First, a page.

Heat on Public Health England as Prime Minister admits coronavirus response was 'sluggish'

Gordon Rayner
Boris Johnson: 'We owe that discussion and that honesty to the tens of thousands who have died before their time, to the families who have lost loved ones' - Paul Ellis/AFP
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Public Health England's (PHE) future has been thrown into doubt after the Prime Minister suggested that parts of the Government's response to the coronavirus crisis had been "sluggish".

In a speech ahead of the country's 100th day in lockdown, Boris Johnson described his frustration at failing to quickly confront elements of the pandemic as being "like a recurring bad dream".

He did not name PHE, but Whitehall sources indicated on Tuesday night that they believed the Prime Minister was referring to the agency, after he had privately criticised its response in meetings with Conservative MPs.

The quango is responsible for testing, and the decision to abandon widespread tracking of the virus as it began to spread is regarded by most scientists as the key mistake in Britain's handling of the pandemic, which has led to the country recording the highest number of deaths in Europe.

The agency on Tuesday was once again at the forefront of a public row after ministers ordered the lockdown of Leicester following a new outbreak. Council leaders expressed frustration at the lack of data and detailed information on cases in the city after infections started to rise over the past fortnight.

Leicester has been plunged back into lockdown after an eruption of cases in the city - Shutterstock

In the speech, Mr Johnson said: "I know that there are plenty of things that people say and will say that we got wrong, and we owe that discussion and that honesty to the tens of thousands who have died before their time, to the families who have lost loved ones, and of course there must be time to learn the lessons, and we will."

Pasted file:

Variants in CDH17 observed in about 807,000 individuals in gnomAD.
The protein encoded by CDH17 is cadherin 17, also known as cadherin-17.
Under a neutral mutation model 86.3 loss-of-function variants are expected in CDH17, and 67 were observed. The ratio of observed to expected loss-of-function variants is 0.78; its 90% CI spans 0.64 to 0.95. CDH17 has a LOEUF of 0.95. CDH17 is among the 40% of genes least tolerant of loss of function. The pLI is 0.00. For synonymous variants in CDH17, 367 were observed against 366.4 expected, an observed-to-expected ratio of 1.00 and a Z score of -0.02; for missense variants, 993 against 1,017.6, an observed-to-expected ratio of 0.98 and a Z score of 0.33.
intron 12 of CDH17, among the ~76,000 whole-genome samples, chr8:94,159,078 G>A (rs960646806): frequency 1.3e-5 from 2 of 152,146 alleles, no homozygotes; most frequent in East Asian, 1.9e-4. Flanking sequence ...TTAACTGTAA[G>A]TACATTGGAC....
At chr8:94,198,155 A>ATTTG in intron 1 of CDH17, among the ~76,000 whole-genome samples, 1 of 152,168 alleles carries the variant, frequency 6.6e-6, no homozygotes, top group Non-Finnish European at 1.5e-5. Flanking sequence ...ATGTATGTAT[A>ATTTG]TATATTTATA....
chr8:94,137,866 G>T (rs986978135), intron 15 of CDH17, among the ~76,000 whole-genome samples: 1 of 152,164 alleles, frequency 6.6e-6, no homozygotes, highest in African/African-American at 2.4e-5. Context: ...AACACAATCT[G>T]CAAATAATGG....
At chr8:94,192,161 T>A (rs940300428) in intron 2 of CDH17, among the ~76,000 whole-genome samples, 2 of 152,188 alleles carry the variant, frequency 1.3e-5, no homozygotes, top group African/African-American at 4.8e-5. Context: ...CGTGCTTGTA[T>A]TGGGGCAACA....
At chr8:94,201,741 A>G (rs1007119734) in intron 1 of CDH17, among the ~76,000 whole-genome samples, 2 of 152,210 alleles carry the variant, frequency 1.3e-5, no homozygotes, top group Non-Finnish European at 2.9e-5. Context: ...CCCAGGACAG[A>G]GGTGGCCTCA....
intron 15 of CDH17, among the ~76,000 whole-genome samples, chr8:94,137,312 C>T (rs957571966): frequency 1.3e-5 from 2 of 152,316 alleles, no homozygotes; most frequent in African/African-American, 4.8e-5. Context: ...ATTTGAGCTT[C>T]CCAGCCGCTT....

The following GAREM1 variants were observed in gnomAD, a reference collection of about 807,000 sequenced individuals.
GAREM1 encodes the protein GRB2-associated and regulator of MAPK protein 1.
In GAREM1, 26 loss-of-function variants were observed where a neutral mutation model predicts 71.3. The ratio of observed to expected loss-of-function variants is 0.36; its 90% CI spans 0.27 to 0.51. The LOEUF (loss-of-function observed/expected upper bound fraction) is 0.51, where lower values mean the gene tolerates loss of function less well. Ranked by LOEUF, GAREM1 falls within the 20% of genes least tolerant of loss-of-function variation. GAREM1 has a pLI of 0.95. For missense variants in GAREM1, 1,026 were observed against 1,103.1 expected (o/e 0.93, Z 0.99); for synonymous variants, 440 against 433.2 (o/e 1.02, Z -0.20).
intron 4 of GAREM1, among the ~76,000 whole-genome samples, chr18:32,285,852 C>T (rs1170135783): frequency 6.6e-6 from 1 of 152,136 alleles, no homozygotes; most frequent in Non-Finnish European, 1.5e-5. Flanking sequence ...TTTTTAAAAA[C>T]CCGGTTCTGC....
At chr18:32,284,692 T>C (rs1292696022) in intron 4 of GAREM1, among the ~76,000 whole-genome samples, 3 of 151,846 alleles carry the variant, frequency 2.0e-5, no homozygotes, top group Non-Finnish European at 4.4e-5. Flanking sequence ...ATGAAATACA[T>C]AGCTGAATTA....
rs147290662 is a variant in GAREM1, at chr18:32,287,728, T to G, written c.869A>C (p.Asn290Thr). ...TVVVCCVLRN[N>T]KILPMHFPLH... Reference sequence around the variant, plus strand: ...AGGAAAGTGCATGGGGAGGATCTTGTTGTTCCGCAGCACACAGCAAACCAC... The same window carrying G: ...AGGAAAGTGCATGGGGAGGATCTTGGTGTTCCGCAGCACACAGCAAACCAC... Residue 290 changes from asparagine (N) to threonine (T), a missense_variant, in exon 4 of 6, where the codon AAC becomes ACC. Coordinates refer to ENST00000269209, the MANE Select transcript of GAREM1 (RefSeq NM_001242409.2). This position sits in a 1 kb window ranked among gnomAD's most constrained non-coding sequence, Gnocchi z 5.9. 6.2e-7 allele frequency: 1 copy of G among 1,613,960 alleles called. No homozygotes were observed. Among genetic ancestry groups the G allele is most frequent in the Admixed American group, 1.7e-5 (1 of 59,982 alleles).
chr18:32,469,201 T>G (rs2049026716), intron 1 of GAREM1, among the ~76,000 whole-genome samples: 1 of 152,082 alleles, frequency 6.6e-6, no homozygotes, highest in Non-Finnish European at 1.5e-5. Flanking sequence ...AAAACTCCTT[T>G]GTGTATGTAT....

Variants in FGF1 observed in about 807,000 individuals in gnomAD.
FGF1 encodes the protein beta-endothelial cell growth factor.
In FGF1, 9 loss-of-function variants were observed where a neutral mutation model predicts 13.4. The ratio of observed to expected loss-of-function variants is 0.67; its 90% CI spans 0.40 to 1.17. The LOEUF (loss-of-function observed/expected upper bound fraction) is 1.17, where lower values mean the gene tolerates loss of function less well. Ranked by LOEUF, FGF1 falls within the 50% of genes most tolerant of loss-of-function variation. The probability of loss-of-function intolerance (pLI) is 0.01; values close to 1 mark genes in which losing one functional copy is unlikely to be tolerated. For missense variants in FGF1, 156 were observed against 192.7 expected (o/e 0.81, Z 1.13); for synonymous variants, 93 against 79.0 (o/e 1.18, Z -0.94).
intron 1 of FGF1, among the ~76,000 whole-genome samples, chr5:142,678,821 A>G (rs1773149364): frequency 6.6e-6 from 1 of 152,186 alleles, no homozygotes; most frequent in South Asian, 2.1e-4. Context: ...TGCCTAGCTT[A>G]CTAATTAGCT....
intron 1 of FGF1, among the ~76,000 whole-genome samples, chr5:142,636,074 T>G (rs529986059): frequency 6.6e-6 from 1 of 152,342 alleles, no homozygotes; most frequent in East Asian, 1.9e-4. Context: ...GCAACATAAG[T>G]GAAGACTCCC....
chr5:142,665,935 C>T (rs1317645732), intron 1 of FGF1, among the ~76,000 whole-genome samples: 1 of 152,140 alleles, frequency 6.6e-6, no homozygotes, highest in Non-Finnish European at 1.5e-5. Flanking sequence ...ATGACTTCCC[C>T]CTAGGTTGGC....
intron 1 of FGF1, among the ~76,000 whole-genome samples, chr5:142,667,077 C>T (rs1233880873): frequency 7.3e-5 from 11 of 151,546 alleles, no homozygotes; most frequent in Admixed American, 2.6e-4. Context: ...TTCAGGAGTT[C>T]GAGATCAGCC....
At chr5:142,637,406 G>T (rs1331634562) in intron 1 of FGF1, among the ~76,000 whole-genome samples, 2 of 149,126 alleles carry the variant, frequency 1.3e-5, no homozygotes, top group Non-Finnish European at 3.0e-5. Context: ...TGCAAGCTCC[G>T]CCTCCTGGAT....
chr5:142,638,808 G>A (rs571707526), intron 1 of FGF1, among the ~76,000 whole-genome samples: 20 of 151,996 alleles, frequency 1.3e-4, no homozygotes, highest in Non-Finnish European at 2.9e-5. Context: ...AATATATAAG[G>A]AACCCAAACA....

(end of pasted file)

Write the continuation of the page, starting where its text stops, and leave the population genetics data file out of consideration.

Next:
He said that while waiting for "the full economic reverberations" to become clear: "We must use this moment to plan our response, and fix the problems that were most brutally illuminated in that Covid lightning flash.

"The problems in our social care system, the parts of government that seemed to respond so sluggishly that sometimes it seemed like that recurring bad dream when you are telling your feet to run and your feet won't move."

A former Tory health minister said: "I think PHE is destined for the chop, and the main issue is why we didn't ramp up testing sooner", while a senior Tory MP said Mr Johnson should "abolish it tomorrow".

Iain Duncan Smith, the former Conservative leader, said: "I would abolish PHE tomorrow. What this has shown is that if ministers are to take responsibility for things they must also have control, and they don't have control over PHE.

"It has made all sorts of decisions that have puzzled people, like insisting on setting up an app from scratch, which is just arrogance laced with incompetence."

Whitehall sources said PHE had been "too slow" in its responses and forced the government to take over some of its functions and set up new bodies. Sources said the test and trace service had to be taken out of PHE's hands, while the Joint Biosecurity Centre, which determines the Covid alert level, had been set up specifically to do a job PHE should have been doing.

One government source said: "Once we have put coronavirus behind us it seems pretty certain there will be some changes."

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PHE, which was set up by Jeremy Hunt as health secretary to advise the Government on public health issues, is an executive agency of the Department of Health and Social Care. In May, Mr Johnson told the 1922 Committee of backbench Tory MPs he was planning a review of "a number of institutions" once the crisis was over.

The Telegraph understands that the Treasury is reviewing whether plans to establish a new PHE headquarters in Harlow, Essex, should go ahead.

Asked about the Prime Minister's plans for PHE's future, a Downing Street spokesman defended the body's response to the pandemic.

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Mr Johnson made the comments in a speech setting out his vision for post-Covid Britain, in which he outlined a "New Deal" to restart the economy with £640 billion of investment over the next five years.

Downing Street is increasingly focusing on the next phase of the coronavirus crisis, and the Chancellor will follow the Prime Minister's speech with his own intervention next week. However, there is growing discussion within government about whether a rapid inquiry into aspects of the official response needs to be conducted over the summer, to enable any changes to be made before any possible second wave later in the year.

PHE was blamed for holding back the government's testing programme by refusing offers of help from private laboratories and insisting on doing testing in-house, and then ending the test and trace programme which had been so successful in other countries. It was also criticised for its handling of antibody testing and shared the blame for the chaotic quarantine policy.